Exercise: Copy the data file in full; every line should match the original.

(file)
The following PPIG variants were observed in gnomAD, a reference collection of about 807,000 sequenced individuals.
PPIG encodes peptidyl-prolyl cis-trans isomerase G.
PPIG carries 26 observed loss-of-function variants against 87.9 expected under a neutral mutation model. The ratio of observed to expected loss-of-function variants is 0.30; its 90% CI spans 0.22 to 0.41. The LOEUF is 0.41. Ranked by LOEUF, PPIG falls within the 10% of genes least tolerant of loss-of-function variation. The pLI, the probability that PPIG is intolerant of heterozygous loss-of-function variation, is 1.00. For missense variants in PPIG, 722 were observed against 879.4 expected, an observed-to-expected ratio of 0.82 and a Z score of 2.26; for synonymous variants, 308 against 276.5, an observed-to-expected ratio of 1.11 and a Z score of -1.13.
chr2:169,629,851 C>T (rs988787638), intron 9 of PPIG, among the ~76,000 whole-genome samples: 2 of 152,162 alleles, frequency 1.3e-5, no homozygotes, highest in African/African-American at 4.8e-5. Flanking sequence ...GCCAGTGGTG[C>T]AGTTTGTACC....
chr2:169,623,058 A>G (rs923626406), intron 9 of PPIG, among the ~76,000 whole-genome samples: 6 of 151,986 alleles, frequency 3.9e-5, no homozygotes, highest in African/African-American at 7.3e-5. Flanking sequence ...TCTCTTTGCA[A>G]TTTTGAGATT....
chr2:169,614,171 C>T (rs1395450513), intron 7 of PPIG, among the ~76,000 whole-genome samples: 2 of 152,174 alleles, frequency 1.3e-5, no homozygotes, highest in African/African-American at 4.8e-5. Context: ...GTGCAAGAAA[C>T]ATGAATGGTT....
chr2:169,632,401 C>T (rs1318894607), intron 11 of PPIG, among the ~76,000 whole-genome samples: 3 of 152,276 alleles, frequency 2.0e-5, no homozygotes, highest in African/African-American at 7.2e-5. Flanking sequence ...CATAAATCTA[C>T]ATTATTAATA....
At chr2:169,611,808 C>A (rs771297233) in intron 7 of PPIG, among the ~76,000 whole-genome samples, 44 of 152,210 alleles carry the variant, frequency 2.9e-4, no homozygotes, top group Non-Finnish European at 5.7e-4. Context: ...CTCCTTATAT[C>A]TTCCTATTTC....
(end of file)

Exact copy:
The following PPIG variants were observed in gnomAD, a reference collection of about 807,000 sequenced individuals.
PPIG encodes peptidyl-prolyl cis-trans isomerase G.
PPIG carries 26 observed loss-of-function variants against 87.9 expected under a neutral mutation model. The ratio of observed to expected loss-of-function variants is 0.30; its 90% CI spans 0.22 to 0.41. The LOEUF is 0.41. Ranked by LOEUF, PPIG falls within the 10% of genes least tolerant of loss-of-function variation. The pLI, the probability that PPIG is intolerant of heterozygous loss-of-function variation, is 1.00. For missense variants in PPIG, 722 were observed against 879.4 expected, an observed-to-expected ratio of 0.82 and a Z score of 2.26; for synonymous variants, 308 against 276.5, an observed-to-expected ratio of 1.11 and a Z score of -1.13.
chr2:169,629,851 C>T (rs988787638), intron 9 of PPIG, among the ~76,000 whole-genome samples: 2 of 152,162 alleles, frequency 1.3e-5, no homozygotes, highest in African/African-American at 4.8e-5. Flanking sequence ...GCCAGTGGTG[C>T]AGTTTGTACC....
chr2:169,623,058 A>G (rs923626406), intron 9 of PPIG, among the ~76,000 whole-genome samples: 6 of 151,986 alleles, frequency 3.9e-5, no homozygotes, highest in African/African-American at 7.3e-5. Flanking sequence ...TCTCTTTGCA[A>G]TTTTGAGATT....
chr2:169,614,171 C>T (rs1395450513), intron 7 of PPIG, among the ~76,000 whole-genome samples: 2 of 152,174 alleles, frequency 1.3e-5, no homozygotes, highest in African/African-American at 4.8e-5. Context: ...GTGCAAGAAA[C>T]ATGAATGGTT....
chr2:169,632,401 C>T (rs1318894607), intron 11 of PPIG, among the ~76,000 whole-genome samples: 3 of 152,276 alleles, frequency 2.0e-5, no homozygotes, highest in African/African-American at 7.2e-5. Flanking sequence ...CATAAATCTA[C>T]ATTATTAATA....
At chr2:169,611,808 C>A (rs771297233) in intron 7 of PPIG, among the ~76,000 whole-genome samples, 44 of 152,210 alleles carry the variant, frequency 2.9e-4, no homozygotes, top group Non-Finnish European at 5.7e-4. Context: ...CTCCTTATAT[C>A]TTCCTATTTC....